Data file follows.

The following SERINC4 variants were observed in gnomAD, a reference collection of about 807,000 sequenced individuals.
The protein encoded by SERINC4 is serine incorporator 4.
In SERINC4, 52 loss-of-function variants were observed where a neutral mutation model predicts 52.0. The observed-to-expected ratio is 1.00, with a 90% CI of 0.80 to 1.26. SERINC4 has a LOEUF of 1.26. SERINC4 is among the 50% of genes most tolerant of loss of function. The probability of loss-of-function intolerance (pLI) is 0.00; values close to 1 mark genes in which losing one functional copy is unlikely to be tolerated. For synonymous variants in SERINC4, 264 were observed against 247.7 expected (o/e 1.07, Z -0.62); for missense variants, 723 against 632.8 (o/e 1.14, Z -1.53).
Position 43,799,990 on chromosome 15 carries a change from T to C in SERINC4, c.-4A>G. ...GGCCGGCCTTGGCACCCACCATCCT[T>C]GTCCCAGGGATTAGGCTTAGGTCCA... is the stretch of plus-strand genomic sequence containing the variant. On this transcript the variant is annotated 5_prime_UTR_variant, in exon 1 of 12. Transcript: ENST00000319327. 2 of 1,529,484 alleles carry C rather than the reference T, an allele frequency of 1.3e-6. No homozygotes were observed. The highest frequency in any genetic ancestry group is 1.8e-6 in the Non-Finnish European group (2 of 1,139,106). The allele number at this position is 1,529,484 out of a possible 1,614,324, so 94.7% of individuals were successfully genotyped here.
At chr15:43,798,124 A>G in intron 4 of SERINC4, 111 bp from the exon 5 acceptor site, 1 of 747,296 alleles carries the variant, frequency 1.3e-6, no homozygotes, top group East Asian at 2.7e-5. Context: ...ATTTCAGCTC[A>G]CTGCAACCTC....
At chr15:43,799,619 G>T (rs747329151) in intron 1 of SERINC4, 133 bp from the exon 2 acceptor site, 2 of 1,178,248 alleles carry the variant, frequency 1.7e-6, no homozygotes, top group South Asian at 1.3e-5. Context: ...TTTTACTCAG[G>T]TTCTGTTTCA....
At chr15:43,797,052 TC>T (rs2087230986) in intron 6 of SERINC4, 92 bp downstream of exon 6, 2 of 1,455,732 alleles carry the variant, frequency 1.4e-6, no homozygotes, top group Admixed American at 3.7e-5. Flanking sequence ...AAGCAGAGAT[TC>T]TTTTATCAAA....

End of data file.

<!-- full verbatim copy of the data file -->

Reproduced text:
The following SERINC4 variants were observed in gnomAD, a reference collection of about 807,000 sequenced individuals.
The protein encoded by SERINC4 is serine incorporator 4.
In SERINC4, 52 loss-of-function variants were observed where a neutral mutation model predicts 52.0. The observed-to-expected ratio is 1.00, with a 90% CI of 0.80 to 1.26. SERINC4 has a LOEUF of 1.26. SERINC4 is among the 50% of genes most tolerant of loss of function. The probability of loss-of-function intolerance (pLI) is 0.00; values close to 1 mark genes in which losing one functional copy is unlikely to be tolerated. For synonymous variants in SERINC4, 264 were observed against 247.7 expected (o/e 1.07, Z -0.62); for missense variants, 723 against 632.8 (o/e 1.14, Z -1.53).
Position 43,799,990 on chromosome 15 carries a change from T to C in SERINC4, c.-4A>G. ...GGCCGGCCTTGGCACCCACCATCCT[T>C]GTCCCAGGGATTAGGCTTAGGTCCA... is the stretch of plus-strand genomic sequence containing the variant. On this transcript the variant is annotated 5_prime_UTR_variant, in exon 1 of 12. Transcript: ENST00000319327. 2 of 1,529,484 alleles carry C rather than the reference T, an allele frequency of 1.3e-6. No homozygotes were observed. The highest frequency in any genetic ancestry group is 1.8e-6 in the Non-Finnish European group (2 of 1,139,106). The allele number at this position is 1,529,484 out of a possible 1,614,324, so 94.7% of individuals were successfully genotyped here.
At chr15:43,798,124 A>G in intron 4 of SERINC4, 111 bp from the exon 5 acceptor site, 1 of 747,296 alleles carries the variant, frequency 1.3e-6, no homozygotes, top group East Asian at 2.7e-5. Context: ...ATTTCAGCTC[A>G]CTGCAACCTC....
At chr15:43,799,619 G>T (rs747329151) in intron 1 of SERINC4, 133 bp from the exon 2 acceptor site, 2 of 1,178,248 alleles carry the variant, frequency 1.7e-6, no homozygotes, top group South Asian at 1.3e-5. Context: ...TTTTACTCAG[G>T]TTCTGTTTCA....
At chr15:43,797,052 TC>T (rs2087230986) in intron 6 of SERINC4, 92 bp downstream of exon 6, 2 of 1,455,732 alleles carry the variant, frequency 1.4e-6, no homozygotes, top group Admixed American at 3.7e-5. Flanking sequence ...AAGCAGAGAT[TC>T]TTTTATCAAA....